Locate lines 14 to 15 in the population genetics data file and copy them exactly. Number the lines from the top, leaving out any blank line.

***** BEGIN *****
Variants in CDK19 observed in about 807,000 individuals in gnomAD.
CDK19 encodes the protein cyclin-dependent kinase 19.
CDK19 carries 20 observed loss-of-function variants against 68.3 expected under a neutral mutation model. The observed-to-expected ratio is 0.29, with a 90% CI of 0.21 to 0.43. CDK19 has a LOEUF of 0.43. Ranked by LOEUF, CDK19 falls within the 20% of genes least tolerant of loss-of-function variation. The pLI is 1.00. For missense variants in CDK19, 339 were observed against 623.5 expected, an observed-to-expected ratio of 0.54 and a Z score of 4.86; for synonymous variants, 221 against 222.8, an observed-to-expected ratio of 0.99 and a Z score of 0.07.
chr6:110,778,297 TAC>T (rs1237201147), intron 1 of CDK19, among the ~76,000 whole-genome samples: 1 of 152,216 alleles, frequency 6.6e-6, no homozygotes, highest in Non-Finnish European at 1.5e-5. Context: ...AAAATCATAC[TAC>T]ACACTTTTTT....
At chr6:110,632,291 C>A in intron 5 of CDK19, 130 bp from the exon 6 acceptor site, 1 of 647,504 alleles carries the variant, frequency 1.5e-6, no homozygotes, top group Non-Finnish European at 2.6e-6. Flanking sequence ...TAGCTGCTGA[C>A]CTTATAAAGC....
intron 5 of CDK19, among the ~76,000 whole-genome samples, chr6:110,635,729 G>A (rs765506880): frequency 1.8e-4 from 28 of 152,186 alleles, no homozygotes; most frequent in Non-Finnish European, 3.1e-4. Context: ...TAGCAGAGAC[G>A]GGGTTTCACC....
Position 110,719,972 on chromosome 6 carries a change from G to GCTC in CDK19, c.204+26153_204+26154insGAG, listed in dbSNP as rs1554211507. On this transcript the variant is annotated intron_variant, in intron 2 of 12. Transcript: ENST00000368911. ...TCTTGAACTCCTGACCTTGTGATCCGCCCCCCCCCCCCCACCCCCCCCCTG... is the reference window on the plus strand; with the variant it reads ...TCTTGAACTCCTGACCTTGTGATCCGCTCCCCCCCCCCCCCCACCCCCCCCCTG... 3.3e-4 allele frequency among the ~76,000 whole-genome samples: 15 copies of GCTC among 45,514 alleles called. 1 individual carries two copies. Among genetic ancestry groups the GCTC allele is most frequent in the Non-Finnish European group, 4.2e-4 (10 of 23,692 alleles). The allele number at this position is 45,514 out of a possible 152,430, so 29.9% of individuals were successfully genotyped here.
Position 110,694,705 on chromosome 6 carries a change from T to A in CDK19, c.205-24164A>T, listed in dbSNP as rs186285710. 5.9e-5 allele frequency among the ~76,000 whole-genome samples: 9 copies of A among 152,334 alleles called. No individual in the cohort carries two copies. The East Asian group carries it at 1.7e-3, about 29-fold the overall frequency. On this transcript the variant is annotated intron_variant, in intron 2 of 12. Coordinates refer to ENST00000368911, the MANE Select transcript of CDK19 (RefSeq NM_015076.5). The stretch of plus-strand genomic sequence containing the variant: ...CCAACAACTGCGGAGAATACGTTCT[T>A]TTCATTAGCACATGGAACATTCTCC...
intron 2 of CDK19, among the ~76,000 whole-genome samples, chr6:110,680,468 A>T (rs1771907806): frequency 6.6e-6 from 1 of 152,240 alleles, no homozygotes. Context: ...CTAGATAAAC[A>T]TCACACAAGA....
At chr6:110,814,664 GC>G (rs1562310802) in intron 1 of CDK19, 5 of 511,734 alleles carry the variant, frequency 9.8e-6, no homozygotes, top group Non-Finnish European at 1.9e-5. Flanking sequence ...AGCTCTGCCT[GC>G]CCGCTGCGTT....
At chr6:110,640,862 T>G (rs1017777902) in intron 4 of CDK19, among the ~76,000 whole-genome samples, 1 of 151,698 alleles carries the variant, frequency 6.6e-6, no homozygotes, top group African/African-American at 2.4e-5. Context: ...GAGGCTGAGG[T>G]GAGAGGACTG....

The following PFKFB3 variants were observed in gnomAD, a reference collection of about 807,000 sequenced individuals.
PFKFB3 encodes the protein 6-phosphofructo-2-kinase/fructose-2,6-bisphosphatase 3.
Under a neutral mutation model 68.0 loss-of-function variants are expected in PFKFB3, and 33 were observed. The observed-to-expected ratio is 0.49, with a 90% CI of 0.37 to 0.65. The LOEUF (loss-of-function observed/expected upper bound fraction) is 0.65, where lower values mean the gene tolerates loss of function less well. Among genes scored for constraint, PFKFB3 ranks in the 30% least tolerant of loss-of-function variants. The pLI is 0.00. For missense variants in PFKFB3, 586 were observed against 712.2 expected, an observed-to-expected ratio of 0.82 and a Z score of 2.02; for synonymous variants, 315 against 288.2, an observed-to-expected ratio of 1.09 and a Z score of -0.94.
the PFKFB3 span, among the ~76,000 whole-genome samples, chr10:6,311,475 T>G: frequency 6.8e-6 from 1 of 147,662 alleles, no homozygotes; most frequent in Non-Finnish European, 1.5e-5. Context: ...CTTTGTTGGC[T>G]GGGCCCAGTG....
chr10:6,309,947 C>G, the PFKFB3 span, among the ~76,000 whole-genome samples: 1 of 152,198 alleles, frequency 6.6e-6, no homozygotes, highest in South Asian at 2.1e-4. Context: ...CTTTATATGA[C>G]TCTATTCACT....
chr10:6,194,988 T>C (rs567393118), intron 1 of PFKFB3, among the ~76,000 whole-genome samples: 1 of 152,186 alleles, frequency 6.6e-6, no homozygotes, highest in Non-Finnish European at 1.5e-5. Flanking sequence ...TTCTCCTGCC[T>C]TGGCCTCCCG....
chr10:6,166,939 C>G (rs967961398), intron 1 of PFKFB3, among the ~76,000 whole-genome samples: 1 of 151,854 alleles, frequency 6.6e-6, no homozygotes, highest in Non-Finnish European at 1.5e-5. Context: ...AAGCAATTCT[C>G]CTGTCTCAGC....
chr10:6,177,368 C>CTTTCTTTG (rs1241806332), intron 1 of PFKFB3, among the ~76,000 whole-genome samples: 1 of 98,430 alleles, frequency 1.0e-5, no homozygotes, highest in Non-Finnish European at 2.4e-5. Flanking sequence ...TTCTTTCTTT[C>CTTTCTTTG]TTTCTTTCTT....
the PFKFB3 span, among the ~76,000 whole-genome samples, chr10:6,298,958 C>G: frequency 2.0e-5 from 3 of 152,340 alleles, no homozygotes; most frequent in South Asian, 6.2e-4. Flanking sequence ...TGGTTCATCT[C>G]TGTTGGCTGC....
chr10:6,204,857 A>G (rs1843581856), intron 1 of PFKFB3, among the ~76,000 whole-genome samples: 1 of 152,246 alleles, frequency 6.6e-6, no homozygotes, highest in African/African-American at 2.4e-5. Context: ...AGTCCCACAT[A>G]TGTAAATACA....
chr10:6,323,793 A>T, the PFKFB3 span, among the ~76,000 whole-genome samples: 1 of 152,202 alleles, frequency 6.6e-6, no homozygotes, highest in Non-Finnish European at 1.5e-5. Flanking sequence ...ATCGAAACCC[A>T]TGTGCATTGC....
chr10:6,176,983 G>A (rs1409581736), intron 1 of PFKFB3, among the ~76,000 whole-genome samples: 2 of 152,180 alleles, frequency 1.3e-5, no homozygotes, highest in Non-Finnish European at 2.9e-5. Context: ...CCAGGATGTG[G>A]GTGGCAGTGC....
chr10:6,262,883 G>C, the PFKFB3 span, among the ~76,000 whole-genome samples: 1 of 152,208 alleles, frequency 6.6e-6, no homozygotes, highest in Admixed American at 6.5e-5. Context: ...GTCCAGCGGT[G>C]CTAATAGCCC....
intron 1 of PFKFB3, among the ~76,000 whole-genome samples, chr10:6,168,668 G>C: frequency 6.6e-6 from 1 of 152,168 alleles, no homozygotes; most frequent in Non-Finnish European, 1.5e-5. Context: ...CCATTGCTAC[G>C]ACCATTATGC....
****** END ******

Under a neutral mutation model 68.0 loss-of-function variants are expected in PFKFB3, and 33 were observed. The observed-to-expected ratio is 0.49, with a 90% CI of 0.37 to 0.65. The LOEUF (loss-of-function observed/expected upper bound fraction) is 0.65, where lower values mean the gene tolerates loss of function less well. Among genes scored for constraint, PFKFB3 ranks in the 30% least tolerant of loss-of-function variants. The pLI is 0.00. For missense variants in PFKFB3, 586 were observed against 712.2 expected, an observed-to-expected ratio of 0.82 and a Z score of 2.02; for synonymous variants, 315 against 288.2, an observed-to-expected ratio of 1.09 and a Z score of -0.94.
the PFKFB3 span, among the ~76,000 whole-genome samples, chr10:6,311,475 T>G: frequency 6.8e-6 from 1 of 147,662 alleles, no homozygotes; most frequent in Non-Finnish European, 1.5e-5. Context: ...CTTTGTTGGC[T>G]GGGCCCAGTG....